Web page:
Just over three in four donor households in the region said helping individuals meet basic  needs was their top motivation for giving, while seven in 10 said those who have more should help those who have less, and two in three said their giving was motivated by personal values of beliefs.

Nearly half of households in the region volunteered in 2013, and among those who did, nearly half volunteered once a week or more.

Nearly eight in 10 of charitable dollars donated by households in the region remained in the region in 2013.

In 2012, the report says, corporate foundations in the region made roughly 3,500 grants of $4,000 or more that totaled $158 million, with 44 percent of grants and 51 percent of grant dollars awarded staying in the region.

Sixty-eight companies, or 97 percent of those surveyed, reported making charitable donations to nonprofits in fiscal 2013, and 81 percent of those surveyed gave to nonprofits in the region.

Over 2,000 grantmaking organizations in the region made early 39,000 grants or $4,000 or more in 2012 with an estimated total value of $2.6 billion.

Grant recipients in the region received over 19,000 grants of $4,000 or more from over 1,300 grantmakers in the region, accounting for roughly $1 billion, or 39 percent of total grant dollars that grantmakers in the region made in 2012.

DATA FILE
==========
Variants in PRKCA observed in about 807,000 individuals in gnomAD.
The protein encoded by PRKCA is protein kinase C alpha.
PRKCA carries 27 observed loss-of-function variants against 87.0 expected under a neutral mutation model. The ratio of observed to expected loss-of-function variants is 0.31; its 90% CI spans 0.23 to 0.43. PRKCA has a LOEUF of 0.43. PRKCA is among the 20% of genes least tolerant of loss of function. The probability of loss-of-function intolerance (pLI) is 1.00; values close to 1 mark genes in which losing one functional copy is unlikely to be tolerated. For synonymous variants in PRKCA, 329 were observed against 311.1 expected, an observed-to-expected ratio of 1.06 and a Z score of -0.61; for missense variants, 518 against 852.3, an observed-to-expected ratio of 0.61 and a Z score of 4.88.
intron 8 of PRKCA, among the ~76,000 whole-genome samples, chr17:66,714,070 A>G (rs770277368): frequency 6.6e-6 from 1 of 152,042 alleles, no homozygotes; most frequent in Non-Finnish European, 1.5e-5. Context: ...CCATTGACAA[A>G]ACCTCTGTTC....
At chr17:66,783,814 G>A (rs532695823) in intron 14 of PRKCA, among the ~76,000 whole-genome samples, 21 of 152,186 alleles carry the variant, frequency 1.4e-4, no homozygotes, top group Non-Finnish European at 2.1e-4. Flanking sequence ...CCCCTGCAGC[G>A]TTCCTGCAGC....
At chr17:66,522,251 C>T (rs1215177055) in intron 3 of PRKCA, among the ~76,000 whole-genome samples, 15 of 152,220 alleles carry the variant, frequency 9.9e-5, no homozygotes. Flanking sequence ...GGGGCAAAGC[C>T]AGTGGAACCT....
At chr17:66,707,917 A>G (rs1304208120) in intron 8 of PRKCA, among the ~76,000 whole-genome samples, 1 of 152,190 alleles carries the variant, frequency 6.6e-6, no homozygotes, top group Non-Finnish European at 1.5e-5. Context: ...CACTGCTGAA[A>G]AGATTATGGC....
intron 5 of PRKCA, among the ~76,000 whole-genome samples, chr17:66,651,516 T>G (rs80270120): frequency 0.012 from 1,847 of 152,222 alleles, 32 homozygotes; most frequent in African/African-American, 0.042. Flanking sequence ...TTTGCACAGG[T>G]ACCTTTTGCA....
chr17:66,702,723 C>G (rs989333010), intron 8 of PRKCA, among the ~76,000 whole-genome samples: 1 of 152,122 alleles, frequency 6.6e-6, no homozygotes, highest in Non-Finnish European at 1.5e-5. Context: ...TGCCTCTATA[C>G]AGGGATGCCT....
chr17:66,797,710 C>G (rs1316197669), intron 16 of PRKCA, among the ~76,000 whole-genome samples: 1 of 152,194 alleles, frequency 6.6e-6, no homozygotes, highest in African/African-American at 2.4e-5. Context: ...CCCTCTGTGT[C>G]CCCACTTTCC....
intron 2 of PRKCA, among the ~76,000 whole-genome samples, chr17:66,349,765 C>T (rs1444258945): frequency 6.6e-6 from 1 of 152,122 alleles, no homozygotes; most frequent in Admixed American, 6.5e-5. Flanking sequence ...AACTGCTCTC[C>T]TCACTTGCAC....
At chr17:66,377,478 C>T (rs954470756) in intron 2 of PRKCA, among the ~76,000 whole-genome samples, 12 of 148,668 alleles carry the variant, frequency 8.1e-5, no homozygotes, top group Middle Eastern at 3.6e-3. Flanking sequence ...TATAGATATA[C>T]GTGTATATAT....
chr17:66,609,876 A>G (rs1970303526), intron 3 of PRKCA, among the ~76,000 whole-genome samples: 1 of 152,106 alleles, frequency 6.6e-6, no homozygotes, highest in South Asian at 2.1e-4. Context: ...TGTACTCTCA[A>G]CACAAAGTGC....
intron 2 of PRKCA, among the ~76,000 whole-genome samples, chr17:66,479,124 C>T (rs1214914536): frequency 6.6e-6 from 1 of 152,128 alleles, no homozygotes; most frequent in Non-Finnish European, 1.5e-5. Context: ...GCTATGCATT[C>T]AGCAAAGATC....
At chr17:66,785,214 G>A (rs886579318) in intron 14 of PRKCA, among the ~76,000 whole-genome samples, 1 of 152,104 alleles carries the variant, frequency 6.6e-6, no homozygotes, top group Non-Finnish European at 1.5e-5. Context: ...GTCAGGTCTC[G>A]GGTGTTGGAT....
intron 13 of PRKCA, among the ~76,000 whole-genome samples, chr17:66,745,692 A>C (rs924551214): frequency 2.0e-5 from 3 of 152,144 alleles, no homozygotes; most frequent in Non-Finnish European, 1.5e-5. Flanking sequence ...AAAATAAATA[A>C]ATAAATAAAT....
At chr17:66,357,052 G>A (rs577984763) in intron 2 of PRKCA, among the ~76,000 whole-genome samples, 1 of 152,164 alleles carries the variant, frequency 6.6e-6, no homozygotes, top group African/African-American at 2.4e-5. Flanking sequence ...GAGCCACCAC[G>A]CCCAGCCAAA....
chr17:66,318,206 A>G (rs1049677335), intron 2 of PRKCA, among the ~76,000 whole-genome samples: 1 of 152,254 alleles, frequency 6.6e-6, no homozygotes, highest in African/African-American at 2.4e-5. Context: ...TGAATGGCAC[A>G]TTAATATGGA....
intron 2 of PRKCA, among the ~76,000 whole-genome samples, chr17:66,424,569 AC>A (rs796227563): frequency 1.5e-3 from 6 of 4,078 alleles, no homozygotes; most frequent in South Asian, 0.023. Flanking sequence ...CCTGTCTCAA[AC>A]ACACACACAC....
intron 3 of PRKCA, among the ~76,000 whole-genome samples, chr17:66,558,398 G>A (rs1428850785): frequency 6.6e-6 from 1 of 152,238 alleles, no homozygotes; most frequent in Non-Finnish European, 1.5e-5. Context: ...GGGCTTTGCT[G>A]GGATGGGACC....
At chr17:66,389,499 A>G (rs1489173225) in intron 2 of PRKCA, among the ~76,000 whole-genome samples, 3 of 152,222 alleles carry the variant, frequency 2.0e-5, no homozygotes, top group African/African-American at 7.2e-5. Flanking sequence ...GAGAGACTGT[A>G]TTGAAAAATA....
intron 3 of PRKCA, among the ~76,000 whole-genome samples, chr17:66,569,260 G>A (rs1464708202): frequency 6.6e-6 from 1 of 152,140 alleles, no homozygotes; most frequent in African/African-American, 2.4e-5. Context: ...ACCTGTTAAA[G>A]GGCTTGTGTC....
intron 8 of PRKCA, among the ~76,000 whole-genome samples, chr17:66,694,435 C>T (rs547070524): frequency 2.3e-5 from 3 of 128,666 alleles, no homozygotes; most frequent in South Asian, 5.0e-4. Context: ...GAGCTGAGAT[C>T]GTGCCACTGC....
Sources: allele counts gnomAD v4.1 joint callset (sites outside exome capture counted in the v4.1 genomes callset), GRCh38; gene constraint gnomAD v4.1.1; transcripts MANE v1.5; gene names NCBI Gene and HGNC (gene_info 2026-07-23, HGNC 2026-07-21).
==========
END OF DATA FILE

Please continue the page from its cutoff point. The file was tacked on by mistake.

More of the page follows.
Nonprofit business model for news seen tough to sustain

News organizations that operate with a nonprofit business model are finding it a challenge to sustain themselves financially, a new report says.

While revenue among 20 local, state and regional nonprofit news organizations grew 73 percent, on average, between 2011 and 2013, including average growth of 30 percent in 2012, median revenue in 2011 grew only seven percent, suggesting year-over-year revenue for half the sites was either flat or declining, says Gaining Ground: How Nonprofit News Ventures Seek Sustainability, a report from the Knight Foundation.

Nonprofit news organizations also count heavily on foundation funding, and few seem to be likely soon to find a sustainable business model, the report says.

The organizations generated only 23 percent of revenue through earned income in 2013,  compared to 18 percent in 2011.

Most growth in earned income is generated through sponsorships and in-person events.

And while advertising is the earned-income source for most nonprofit news organizations, ad revenue was flat from 2011 to 2013.

Spending is focused mainly on editorial expenses, although organizations seem to invest more in marketing and technology as they grow.

Web traffic grew 75 percent on average from 2011 to 2013, and the share of mobile traffic and traffic referred from social media grew considerably, the report says.

Wheels4Hope placing cars with vets